An Example of Cell Phone Metadata Forensic Surveillance
In this long article on the 2005 assassination of Rafik Hariri in Beirut, there’s a detailed section on what the investigators were able to learn from the cell phone metadata:
At Eid’s request, a judge ordered Lebanon’s two cellphone companies, Alfa and MTC Touch, to produce records of calls and text messages in Lebanon in the four months before the bombing. Eid then studied the records in secret for months. He focused on the phone records of Hariri and his entourage, looking at whom they called, where they went, whom they met and when. He also followed where Adass, the supposed suicide bomber, spent time before he disappeared. He looked at all the calls that took place along the route taken by Hariri’s entourage on the day of the assassination. Always he looked for cause and effect. How did one call lead to the next? “He was brilliant, just brilliant,” the senior U.N. investigator told me. “He himself, on his own, developed a simple but amazingly efficient program to set about mining this massive bank of data.”
The simple algorithm quickly revealed a peculiar pattern. In October 2004, just after Hariri resigned, a certain cluster of cellphones began following him and his now-reduced motorcade wherever they went. These phones stayed close day and night, until the day of the bombing - when nearly all 63 phones in the group immediately went dark and never worked again.
The investigators now turned their full attention to the cellphone records. Building on Eid’s work, they determined that the assassins worked in groups, each with a leader and each adhering to specific procedures. Everyone in the group called the leader, and he called everyone in the group, but the lower-level operatives never called one another.
The investigators gave each group a color. The green group consisted of 18 Alfa phones, purchased with fake identification from two shops in South Beirut in July and August 2004. The purpose of the fake IDs was not to defraud Alfa out of payment; every month from September 2004 to May 2005, someone went to an Alfa office and paid all 18 bills in cash, without leaving any clue to his identity. The total phone bill for the green network, including activation fees, was $7,375 —a prodigious amount, considering that 15 of the green group’s 18 phones went almost entirely unused.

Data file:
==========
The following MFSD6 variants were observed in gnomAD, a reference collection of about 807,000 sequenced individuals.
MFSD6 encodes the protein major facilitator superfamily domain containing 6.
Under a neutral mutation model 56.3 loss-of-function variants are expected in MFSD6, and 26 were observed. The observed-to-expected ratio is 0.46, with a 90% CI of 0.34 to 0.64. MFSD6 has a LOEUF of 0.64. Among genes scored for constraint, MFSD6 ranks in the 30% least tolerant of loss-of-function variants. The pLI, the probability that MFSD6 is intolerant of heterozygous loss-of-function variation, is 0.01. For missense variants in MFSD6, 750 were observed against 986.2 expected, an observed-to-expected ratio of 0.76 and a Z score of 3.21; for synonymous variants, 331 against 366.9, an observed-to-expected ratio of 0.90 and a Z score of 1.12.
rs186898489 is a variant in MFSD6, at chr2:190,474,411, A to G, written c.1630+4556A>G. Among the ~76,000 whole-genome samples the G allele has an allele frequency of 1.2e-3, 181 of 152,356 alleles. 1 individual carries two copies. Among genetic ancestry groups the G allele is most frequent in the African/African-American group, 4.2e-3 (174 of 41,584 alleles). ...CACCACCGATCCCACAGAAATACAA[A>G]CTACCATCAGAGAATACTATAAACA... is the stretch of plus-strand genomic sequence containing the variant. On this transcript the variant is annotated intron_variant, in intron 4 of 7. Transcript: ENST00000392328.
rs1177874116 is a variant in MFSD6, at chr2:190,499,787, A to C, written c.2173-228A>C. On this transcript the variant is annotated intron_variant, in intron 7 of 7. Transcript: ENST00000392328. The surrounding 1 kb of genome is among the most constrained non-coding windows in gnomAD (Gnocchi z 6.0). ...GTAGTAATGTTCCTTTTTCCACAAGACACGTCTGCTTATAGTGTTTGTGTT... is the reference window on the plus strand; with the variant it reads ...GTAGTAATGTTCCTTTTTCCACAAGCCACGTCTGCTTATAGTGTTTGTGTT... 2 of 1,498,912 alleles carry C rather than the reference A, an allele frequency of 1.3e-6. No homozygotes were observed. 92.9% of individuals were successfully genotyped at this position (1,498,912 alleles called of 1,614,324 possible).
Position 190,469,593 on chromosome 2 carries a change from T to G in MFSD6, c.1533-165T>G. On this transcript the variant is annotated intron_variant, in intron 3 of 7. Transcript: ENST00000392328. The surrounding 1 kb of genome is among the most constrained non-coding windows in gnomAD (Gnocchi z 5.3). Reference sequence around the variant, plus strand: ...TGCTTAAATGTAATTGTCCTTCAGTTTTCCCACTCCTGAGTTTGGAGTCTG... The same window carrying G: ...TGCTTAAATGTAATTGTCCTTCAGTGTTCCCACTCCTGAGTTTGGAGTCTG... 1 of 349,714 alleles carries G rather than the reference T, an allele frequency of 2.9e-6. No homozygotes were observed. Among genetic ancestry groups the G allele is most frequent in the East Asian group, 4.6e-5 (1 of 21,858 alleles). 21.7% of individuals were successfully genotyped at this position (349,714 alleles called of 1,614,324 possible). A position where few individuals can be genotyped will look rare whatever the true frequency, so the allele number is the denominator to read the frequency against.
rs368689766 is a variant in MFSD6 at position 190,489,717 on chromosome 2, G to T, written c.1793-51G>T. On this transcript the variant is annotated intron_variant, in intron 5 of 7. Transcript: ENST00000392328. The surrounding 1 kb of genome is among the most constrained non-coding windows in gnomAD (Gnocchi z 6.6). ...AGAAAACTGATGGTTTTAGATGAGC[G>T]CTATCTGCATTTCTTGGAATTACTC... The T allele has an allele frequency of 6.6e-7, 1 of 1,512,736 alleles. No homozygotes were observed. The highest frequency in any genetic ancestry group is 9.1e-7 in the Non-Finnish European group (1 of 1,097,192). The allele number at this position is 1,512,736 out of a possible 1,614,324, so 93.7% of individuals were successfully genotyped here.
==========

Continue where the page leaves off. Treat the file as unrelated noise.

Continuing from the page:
The first spike in call activity occurred in September 2004, immediately after Hariri announced his resignation. The investigators contend that the green group was at the center of the conspiracy. The phone number 3140023 belonged to the top leader, and the numbers 3159300 and 3150071 belonged to his two deputies. (He called them and they called him, but with those phones, they never called each other.) The two deputies carried phones belonging to other groups, through which they passed on instructions to the other participants in the operation. When a member of one group would call a group leader, the group leader would often follow up by switching to a green phone and calling the supreme leader, who was nearly always in South Beirut, where Hezbollah keeps its headquarters.
On Oct. 20, 2004, the day Hariri left office and his security detail was significantly reduced, the blue group went into operation. It originally worked according to the same rules as the green group, but its active membership increased from three phones to 15, with seven connected to Alfa and eight to MTC Touch. All of the blue phones were prepaid. Some were acquired as early as 2003 and had seen little or no use. The people who bought them also gave false identification, and again money seemed to be in plentiful supply. The minutes that expired each month went largely unused, but the phones were loaded again and again. When the blue group went dark, the phones still had unused minutes worth $4,287.
The prosecutors say the blue group followed Hariri’s movements. On the morning of Oct. 20, its members were already deployed around Quraitem Palace. At 10:30 a.m., Hariri set out toward Parliament and then to the presidential palace, where Lahoud was waiting to receive his resignation. The cell towers picked up the blue group’s members moving with him and calling their chief. From then on, the blue phones trailed Hariri nearly everywhere— to Parliament, to meetings with political leaders, to long lunches at the Saint-Georges Yacht Club & Marina. When Hariri was at his home, so were they. When he flew abroad, they moved with him to the airport and then stopped operating until he returned, when they would pick up the trail again.
Eventually, the yellow group was added….
There’s a lot more. It’s section 6 of the article.
See also this example.
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